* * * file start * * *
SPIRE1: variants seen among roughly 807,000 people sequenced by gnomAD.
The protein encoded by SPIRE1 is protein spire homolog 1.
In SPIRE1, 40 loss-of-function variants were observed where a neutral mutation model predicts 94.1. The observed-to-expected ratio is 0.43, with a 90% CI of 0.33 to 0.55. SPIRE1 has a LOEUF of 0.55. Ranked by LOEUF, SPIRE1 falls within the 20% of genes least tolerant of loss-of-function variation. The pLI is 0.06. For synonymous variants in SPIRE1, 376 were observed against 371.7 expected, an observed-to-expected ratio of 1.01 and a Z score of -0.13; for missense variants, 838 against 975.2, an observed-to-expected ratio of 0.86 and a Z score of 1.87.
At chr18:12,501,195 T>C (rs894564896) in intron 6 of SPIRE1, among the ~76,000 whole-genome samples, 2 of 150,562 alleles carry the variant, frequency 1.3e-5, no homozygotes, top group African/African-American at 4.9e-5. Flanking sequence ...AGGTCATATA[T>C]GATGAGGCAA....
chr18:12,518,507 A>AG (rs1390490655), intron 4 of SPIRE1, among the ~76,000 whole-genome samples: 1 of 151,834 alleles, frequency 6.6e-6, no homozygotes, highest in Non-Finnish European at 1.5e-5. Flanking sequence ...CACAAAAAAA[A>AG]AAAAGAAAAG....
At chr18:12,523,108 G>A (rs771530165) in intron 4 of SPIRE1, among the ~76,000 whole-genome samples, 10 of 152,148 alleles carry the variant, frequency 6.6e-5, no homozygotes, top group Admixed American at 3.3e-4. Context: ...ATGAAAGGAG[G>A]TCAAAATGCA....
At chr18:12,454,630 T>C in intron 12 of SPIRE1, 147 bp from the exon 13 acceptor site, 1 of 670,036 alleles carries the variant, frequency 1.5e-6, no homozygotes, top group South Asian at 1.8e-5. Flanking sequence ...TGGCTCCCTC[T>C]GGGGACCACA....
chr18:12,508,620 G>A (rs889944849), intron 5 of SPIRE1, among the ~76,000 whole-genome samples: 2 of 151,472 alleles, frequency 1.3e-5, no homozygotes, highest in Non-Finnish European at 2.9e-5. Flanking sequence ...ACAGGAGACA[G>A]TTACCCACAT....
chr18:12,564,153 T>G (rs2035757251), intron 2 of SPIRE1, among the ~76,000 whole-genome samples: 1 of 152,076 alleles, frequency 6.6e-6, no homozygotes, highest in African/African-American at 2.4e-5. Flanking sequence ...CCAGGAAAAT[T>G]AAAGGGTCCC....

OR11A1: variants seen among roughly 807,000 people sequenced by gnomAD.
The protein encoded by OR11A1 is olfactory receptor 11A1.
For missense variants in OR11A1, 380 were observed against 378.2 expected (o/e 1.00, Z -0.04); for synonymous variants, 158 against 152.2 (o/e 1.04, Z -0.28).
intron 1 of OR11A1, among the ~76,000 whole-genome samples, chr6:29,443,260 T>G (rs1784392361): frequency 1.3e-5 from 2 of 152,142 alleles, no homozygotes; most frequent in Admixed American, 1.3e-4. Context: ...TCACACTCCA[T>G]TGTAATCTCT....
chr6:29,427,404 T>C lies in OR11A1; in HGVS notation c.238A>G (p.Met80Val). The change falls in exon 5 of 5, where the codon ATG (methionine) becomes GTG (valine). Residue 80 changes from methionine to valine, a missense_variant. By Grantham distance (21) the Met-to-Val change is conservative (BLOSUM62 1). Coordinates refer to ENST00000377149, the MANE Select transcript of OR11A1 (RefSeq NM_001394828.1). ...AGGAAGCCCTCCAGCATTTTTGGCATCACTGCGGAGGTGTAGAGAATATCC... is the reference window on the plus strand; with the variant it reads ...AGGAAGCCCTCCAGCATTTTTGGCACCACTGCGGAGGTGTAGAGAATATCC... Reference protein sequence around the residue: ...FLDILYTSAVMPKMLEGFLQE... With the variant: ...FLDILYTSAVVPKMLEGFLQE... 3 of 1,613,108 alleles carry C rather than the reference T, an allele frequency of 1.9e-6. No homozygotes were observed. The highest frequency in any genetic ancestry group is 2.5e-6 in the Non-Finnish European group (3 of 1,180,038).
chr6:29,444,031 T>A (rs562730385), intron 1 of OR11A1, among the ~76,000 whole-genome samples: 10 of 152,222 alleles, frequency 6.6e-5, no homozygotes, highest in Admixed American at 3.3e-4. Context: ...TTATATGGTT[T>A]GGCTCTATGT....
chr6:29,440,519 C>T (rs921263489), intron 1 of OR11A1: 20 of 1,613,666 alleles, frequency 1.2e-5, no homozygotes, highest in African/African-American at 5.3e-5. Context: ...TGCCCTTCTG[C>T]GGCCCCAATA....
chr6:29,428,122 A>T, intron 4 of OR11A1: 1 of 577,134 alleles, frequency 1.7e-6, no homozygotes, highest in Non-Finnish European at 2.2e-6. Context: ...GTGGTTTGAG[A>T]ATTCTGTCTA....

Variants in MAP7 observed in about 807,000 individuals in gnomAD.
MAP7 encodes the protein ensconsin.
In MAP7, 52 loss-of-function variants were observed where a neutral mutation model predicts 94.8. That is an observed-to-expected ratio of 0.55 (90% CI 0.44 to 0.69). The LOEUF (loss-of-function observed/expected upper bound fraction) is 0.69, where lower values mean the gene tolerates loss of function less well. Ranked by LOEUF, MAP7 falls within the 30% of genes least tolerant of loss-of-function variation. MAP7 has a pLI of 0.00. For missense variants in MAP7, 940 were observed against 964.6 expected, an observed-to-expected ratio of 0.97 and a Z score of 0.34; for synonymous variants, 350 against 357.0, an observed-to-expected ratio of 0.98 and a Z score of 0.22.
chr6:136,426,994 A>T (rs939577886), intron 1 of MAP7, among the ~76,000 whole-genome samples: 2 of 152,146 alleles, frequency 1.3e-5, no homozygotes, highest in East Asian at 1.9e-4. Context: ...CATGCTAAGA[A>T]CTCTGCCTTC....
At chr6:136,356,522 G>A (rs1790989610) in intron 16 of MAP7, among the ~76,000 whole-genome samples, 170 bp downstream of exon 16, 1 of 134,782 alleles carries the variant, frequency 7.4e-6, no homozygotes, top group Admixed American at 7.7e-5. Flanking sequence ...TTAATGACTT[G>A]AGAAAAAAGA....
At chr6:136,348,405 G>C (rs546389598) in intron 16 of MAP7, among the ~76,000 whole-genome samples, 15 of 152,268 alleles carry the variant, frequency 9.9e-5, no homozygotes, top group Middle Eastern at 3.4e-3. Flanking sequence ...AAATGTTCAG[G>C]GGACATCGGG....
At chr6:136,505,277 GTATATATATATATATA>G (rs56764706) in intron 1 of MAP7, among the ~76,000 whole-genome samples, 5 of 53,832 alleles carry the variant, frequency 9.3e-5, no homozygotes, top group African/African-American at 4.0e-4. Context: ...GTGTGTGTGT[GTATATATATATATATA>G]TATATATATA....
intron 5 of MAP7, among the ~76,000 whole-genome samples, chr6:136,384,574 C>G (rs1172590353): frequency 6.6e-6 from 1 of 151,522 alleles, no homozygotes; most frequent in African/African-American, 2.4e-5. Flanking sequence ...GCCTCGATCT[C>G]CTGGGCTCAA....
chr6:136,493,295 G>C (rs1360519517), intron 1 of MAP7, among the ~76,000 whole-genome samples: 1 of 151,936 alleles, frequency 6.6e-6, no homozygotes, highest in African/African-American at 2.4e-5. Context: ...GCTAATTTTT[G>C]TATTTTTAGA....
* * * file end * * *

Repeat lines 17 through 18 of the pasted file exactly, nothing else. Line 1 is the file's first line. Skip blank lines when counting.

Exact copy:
chr6:29,428,122 A>T, intron 4 of OR11A1: 1 of 577,134 alleles, frequency 1.7e-6, no homozygotes, highest in Non-Finnish European at 2.2e-6. Context: ...GTGGTTTGAG[A>T]ATTCTGTCTA....

Variants in MAP7 observed in about 807,000 individuals in gnomAD.